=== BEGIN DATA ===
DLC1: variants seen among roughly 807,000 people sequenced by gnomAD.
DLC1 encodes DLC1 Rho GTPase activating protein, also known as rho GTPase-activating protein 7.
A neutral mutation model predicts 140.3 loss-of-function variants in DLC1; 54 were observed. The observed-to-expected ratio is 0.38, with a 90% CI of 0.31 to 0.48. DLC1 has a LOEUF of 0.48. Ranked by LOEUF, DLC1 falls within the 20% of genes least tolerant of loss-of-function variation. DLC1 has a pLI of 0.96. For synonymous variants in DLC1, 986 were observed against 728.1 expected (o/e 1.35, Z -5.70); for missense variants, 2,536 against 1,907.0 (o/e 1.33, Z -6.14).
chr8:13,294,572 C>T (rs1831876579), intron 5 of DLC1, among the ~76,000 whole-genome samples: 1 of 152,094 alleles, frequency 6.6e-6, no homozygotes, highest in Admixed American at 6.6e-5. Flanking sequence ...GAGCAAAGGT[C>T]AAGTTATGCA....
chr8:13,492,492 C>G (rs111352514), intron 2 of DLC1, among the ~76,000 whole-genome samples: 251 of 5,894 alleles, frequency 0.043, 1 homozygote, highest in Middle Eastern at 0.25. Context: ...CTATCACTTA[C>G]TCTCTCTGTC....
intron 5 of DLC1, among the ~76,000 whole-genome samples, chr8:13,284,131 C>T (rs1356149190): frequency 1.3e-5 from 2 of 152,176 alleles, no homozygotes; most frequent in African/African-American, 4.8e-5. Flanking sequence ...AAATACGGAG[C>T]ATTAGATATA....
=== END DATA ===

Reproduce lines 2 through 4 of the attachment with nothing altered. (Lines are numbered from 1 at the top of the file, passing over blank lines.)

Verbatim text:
DLC1 encodes DLC1 Rho GTPase activating protein, also known as rho GTPase-activating protein 7.
A neutral mutation model predicts 140.3 loss-of-function variants in DLC1; 54 were observed. The observed-to-expected ratio is 0.38, with a 90% CI of 0.31 to 0.48. DLC1 has a LOEUF of 0.48. Ranked by LOEUF, DLC1 falls within the 20% of genes least tolerant of loss-of-function variation. DLC1 has a pLI of 0.96. For synonymous variants in DLC1, 986 were observed against 728.1 expected (o/e 1.35, Z -5.70); for missense variants, 2,536 against 1,907.0 (o/e 1.33, Z -6.14).
chr8:13,294,572 C>T (rs1831876579), intron 5 of DLC1, among the ~76,000 whole-genome samples: 1 of 152,094 alleles, frequency 6.6e-6, no homozygotes, highest in Admixed American at 6.6e-5. Flanking sequence ...GAGCAAAGGT[C>T]AAGTTATGCA....